Tuesday, March 10, 2009

Saras production-standard aircraft on hold

It's like a deja vu of the DRDO Avro AEW&C crash of 1999. And the signs aren't good either. The Saras Production Standard Aircraft (PSA, previously Prototype-3) has been placed indefinitely on hold until all investigations into the March 6 crash of PT-2 are completed satisfactorily. The National Aerospace Laboratory was aiming for a first flight of the PSA by June this year, though that target slipped long before the crash. The PSA was re-scheduled to first fly at the end of this year. The PSA will have new light-weight carbon fibre wings and empennage (weight, remember, has been the platform's undoing), a weight-optimised fuselage, an advanced autopilot and an Engine Instruments and Crew Alert System (EICAS).

10 comments :

Anonymous said...

These NAL buggers go fat everyday with heavy pay packets.we lost unfortunately three young pilots, that too test pilots. what does the FAA laws say? For small aircraft,which can not glide ,unlike the wide bodied jets have to do engine thrust reduction tests at 30,000feet or so. The pilots can at least escape using parachutes and also its high time a/c testing is to be shifted away from densely populated areas.. while trying to find a suitable place to crash land, the pilots have lost precious time. Bengaluru is no longer the same for aircraft testing due to densely populated areas around HAL airport and CABS.

Anonymous said...

^
The above comment is really in bad taste. It is not NAL's fault that the HAL airport is surrounded by populated area. Whether the crash happened during the test, if it was an engine thrust reduction test, not due to some other issue are questions that public still doesnt know. (can you tell me how you know whether it was this particular test or not?)
Aroor,
It is a standard practice to ground or put on hold new aircraft production if a major accident happens. It has been done by manufacturers like boeing and airbus.
I dont see how signs good or bad are visible from this standard practice? unless you havent mentioned everything you know?
The first sentence of your post seems sensationalistic though the title and remaining post isnt as much as some of the previous ones. Is it ignorance on your part of such standard practices or you have intentionally forgot to mention that this is a common practice?

Anonymous said...

it was thrust reduction test being conducted on the aircraft.... NAL people are singing it all over the place..... and these tests were done there before(ive been involved myself)


"is not NAL's fault that the HAL airport is surrounded by populated area"

dude/ss, But is'nt it NAL fault that they are sticking with the HAL airport ... its really dangerous.........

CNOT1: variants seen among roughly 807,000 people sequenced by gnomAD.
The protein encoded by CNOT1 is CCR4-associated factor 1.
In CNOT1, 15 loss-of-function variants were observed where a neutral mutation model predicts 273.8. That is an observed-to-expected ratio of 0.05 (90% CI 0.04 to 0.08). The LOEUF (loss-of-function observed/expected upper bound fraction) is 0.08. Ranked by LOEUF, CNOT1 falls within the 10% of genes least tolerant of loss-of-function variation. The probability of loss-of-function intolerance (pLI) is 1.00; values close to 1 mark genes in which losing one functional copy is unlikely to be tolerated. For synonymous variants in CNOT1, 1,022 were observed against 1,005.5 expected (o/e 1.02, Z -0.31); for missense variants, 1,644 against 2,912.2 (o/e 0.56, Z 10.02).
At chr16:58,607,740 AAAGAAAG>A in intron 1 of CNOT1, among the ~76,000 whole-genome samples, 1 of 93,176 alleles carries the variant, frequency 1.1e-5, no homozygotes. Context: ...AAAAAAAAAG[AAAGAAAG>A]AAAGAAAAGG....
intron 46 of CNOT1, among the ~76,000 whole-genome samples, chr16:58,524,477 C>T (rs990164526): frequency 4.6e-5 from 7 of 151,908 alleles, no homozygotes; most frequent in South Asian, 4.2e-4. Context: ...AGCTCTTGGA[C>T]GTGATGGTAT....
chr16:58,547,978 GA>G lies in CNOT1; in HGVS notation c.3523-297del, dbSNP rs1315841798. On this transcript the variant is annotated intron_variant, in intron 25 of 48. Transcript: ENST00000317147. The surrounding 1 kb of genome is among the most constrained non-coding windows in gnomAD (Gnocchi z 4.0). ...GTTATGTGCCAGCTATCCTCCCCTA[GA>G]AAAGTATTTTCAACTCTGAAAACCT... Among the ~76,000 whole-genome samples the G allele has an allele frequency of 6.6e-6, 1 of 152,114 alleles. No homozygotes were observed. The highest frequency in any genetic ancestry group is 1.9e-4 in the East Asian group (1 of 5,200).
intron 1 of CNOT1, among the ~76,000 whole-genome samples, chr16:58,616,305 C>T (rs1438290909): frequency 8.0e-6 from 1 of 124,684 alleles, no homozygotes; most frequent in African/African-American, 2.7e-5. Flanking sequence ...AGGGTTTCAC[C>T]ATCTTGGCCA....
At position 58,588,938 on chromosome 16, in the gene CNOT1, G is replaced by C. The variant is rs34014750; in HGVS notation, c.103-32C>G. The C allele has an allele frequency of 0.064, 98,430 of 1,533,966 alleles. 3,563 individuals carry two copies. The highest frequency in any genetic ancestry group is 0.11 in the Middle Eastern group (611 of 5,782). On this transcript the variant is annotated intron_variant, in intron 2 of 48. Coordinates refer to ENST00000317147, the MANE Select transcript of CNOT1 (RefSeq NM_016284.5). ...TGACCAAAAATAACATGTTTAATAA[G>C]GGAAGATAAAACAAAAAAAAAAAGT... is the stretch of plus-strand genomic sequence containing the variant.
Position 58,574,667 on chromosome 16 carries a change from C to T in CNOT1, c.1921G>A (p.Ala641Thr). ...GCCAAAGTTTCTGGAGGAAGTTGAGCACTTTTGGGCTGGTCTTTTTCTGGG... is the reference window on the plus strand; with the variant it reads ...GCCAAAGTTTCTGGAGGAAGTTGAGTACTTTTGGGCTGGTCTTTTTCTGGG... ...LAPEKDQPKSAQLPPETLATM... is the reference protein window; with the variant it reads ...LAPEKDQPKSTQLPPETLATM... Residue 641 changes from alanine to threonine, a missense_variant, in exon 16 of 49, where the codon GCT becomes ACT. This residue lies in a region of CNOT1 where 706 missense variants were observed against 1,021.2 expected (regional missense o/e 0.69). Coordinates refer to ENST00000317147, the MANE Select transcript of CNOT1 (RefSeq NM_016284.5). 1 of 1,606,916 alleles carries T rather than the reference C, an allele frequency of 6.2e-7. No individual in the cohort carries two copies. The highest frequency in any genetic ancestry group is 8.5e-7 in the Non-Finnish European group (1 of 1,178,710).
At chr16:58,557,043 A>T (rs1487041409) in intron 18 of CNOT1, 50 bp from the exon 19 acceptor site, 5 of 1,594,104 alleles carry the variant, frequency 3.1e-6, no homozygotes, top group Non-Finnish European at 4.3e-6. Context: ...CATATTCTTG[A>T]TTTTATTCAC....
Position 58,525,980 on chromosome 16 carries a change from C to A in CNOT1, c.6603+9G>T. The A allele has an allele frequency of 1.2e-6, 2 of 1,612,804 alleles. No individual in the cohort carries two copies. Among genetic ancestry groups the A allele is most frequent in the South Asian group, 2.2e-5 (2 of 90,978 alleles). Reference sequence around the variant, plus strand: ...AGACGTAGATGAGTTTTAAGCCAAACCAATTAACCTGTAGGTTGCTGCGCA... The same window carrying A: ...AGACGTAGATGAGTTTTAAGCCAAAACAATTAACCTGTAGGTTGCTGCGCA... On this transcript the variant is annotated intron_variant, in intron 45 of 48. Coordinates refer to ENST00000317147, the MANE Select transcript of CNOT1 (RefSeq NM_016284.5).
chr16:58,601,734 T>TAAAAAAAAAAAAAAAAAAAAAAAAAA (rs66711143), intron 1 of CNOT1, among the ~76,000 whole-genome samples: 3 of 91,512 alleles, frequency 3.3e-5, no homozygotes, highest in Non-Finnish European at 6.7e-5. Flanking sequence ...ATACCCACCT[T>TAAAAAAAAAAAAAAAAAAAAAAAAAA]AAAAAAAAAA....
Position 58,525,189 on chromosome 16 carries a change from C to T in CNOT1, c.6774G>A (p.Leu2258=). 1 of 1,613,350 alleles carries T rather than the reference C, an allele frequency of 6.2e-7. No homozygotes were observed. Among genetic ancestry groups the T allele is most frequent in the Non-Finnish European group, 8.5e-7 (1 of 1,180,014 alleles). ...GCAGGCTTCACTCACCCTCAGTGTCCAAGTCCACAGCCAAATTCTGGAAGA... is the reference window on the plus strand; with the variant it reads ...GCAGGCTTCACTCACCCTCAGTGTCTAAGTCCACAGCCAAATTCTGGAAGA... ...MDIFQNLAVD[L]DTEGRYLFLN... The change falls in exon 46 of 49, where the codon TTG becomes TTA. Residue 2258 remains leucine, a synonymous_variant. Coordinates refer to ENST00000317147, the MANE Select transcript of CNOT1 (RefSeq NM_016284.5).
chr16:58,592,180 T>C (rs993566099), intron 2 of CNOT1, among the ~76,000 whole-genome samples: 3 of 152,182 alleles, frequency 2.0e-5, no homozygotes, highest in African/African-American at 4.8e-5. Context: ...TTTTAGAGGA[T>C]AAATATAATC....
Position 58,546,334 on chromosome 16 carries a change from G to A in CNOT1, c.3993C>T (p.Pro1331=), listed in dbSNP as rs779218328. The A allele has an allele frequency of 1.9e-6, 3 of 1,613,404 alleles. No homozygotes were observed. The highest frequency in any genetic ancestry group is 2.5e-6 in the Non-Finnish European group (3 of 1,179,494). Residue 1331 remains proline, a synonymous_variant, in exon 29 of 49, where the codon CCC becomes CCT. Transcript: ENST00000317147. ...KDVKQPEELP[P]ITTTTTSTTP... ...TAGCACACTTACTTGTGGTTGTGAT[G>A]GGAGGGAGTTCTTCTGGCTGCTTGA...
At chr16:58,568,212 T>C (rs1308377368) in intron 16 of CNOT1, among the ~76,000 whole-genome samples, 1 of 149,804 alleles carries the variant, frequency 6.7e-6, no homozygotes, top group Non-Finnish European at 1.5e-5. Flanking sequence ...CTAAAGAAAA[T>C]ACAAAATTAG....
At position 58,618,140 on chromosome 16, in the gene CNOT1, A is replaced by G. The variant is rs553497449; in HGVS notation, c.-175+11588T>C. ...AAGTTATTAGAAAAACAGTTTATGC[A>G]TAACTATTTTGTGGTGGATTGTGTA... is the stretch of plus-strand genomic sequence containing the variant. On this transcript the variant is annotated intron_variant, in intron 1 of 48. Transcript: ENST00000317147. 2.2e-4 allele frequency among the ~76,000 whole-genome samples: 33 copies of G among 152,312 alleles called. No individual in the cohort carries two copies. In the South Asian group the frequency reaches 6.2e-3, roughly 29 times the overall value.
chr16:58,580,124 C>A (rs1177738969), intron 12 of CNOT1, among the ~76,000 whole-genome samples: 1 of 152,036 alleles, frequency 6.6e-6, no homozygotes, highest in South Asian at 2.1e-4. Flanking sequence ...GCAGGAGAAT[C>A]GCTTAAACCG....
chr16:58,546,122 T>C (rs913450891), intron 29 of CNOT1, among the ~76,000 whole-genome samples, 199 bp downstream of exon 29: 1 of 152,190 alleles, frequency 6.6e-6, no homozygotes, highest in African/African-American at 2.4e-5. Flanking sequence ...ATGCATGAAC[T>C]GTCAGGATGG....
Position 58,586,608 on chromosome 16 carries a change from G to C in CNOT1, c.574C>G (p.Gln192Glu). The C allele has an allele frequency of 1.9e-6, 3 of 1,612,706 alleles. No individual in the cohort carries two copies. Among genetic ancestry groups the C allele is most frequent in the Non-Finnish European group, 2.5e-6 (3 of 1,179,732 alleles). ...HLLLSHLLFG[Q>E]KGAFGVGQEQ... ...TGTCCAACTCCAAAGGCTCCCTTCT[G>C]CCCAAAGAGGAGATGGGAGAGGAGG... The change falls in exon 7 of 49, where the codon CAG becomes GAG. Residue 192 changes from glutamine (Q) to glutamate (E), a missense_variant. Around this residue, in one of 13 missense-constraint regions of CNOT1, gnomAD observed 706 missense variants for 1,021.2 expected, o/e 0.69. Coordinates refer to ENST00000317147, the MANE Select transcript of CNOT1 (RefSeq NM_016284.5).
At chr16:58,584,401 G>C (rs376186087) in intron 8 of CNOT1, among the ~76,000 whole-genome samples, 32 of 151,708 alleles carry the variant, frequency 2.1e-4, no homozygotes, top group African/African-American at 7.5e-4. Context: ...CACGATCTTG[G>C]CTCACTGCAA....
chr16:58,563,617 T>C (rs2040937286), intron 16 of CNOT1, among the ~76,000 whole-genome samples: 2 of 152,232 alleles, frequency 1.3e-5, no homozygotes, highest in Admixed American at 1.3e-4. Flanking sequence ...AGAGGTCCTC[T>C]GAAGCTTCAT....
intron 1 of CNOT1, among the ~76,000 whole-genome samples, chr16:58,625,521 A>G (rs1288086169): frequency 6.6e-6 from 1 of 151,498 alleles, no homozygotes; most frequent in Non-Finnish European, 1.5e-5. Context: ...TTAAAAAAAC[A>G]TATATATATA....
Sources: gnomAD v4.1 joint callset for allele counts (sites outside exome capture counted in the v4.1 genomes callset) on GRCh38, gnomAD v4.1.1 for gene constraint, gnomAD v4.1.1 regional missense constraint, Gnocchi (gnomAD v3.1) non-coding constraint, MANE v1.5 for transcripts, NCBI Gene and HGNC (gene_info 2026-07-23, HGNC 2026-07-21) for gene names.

shiv, is that the Data recorder of SARAS.......i doubt it..i think they used honeywell data recorders......

Shiv Aroor said...

That's the FDR of the Saras, indeed. The photo is from NAL.

Vin said...

Not sure whom to blame and whom not to blame...

But feel bad for the low rate of success in Indian Aeronautics when compared to Indian Space Industry whose rate of success is on good side......

Shiv, heard Kaveri will be commissioned to flight testing in 2010.. Pls throw light upon the same....

Prasun K Sengupta said...

To Vin: In aviation and aerospace matters whenever disaster strikes the investigating authorities believe in the adage: fix the problem, not the blame. Unforeseen disasters are part and parcel of the overall R & D effort and there's nothing discouraging about them, apart from the irreplaceable loss of lives. But given the severe financial, infrastructural and technological restraints that India's aviation/aerospace R & D agencies have been function under, whatever has been achieved (like the Dhruv ALH, Tejas LCA and Saras) thus far is nothing short of a miracle, rest assured.

Anonymous said...

anon@3:34

its better known as engine relighting test......i thing this one was at low altitude..

Bobs said...

Yeah it was indeed at a low altitude...from my experience I can recollect this procedure being done from a relatively safe altitude 8-10kms..I don't know whether they were attempting to test some other parameter at that altitude..whatever has happened is sad and although the lives cannot be replaced i hope NAL will recover from this tragedy
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btw,can anyone tell me the ejection procedure employed on the saras? the props are the scariest thing I have faced in my life ..i managed to escape with a minor cut across my fingers once ....but had the misfortune of witnessing the worst tragedy on board the Vikrant.

Anonymous said...

Sounds like a pretty dangerous test... what were the safety precautions being employed? I agree with Prasun, engineering projects like this are fraught with danger, all engineering systems break down, and we don't always have the luxury of being able to walk away unscathed. Being a test pilot is a dangerous job.

kuldeep singh chauhan said...

hope saras gets completed n delivered soon i hope itz not jinxed lyk other NAL projects. a faster delivery of saras would be a fitting tribute to the martyr test pilots. may their soul rest in peace.